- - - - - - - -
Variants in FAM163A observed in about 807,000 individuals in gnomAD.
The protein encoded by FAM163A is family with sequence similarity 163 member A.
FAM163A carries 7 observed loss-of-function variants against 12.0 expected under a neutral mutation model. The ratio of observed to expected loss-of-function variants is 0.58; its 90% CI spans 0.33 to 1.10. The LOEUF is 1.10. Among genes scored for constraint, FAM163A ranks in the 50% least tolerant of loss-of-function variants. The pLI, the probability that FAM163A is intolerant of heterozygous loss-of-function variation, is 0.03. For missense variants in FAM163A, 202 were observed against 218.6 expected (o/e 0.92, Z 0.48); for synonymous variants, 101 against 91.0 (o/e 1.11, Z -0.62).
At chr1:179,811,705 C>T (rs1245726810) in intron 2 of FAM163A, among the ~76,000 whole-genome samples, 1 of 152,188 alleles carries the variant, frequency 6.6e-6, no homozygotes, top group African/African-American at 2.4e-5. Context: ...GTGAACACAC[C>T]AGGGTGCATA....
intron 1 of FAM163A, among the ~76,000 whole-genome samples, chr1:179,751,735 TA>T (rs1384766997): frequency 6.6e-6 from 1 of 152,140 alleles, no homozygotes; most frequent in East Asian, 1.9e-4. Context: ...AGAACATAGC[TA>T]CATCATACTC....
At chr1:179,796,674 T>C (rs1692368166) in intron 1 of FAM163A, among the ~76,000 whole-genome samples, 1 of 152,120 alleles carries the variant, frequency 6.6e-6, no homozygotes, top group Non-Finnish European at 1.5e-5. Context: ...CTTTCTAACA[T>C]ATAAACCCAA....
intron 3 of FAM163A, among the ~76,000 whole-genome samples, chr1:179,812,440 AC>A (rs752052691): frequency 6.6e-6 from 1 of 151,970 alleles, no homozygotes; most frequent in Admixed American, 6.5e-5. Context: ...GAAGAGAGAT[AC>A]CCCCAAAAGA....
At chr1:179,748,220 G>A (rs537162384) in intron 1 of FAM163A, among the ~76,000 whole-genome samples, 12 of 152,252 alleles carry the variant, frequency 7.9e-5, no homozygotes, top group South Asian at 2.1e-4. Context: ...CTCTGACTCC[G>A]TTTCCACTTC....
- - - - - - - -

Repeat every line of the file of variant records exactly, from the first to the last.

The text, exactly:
Variants in FAM163A observed in about 807,000 individuals in gnomAD.
The protein encoded by FAM163A is family with sequence similarity 163 member A.
FAM163A carries 7 observed loss-of-function variants against 12.0 expected under a neutral mutation model. The ratio of observed to expected loss-of-function variants is 0.58; its 90% CI spans 0.33 to 1.10. The LOEUF is 1.10. Among genes scored for constraint, FAM163A ranks in the 50% least tolerant of loss-of-function variants. The pLI, the probability that FAM163A is intolerant of heterozygous loss-of-function variation, is 0.03. For missense variants in FAM163A, 202 were observed against 218.6 expected (o/e 0.92, Z 0.48); for synonymous variants, 101 against 91.0 (o/e 1.11, Z -0.62).
At chr1:179,811,705 C>T (rs1245726810) in intron 2 of FAM163A, among the ~76,000 whole-genome samples, 1 of 152,188 alleles carries the variant, frequency 6.6e-6, no homozygotes, top group African/African-American at 2.4e-5. Context: ...GTGAACACAC[C>T]AGGGTGCATA....
intron 1 of FAM163A, among the ~76,000 whole-genome samples, chr1:179,751,735 TA>T (rs1384766997): frequency 6.6e-6 from 1 of 152,140 alleles, no homozygotes; most frequent in East Asian, 1.9e-4. Context: ...AGAACATAGC[TA>T]CATCATACTC....
At chr1:179,796,674 T>C (rs1692368166) in intron 1 of FAM163A, among the ~76,000 whole-genome samples, 1 of 152,120 alleles carries the variant, frequency 6.6e-6, no homozygotes, top group Non-Finnish European at 1.5e-5. Context: ...CTTTCTAACA[T>C]ATAAACCCAA....
intron 3 of FAM163A, among the ~76,000 whole-genome samples, chr1:179,812,440 AC>A (rs752052691): frequency 6.6e-6 from 1 of 151,970 alleles, no homozygotes; most frequent in Admixed American, 6.5e-5. Context: ...GAAGAGAGAT[AC>A]CCCCAAAAGA....
At chr1:179,748,220 G>A (rs537162384) in intron 1 of FAM163A, among the ~76,000 whole-genome samples, 12 of 152,252 alleles carry the variant, frequency 7.9e-5, no homozygotes, top group South Asian at 2.1e-4. Context: ...CTCTGACTCC[G>A]TTTCCACTTC....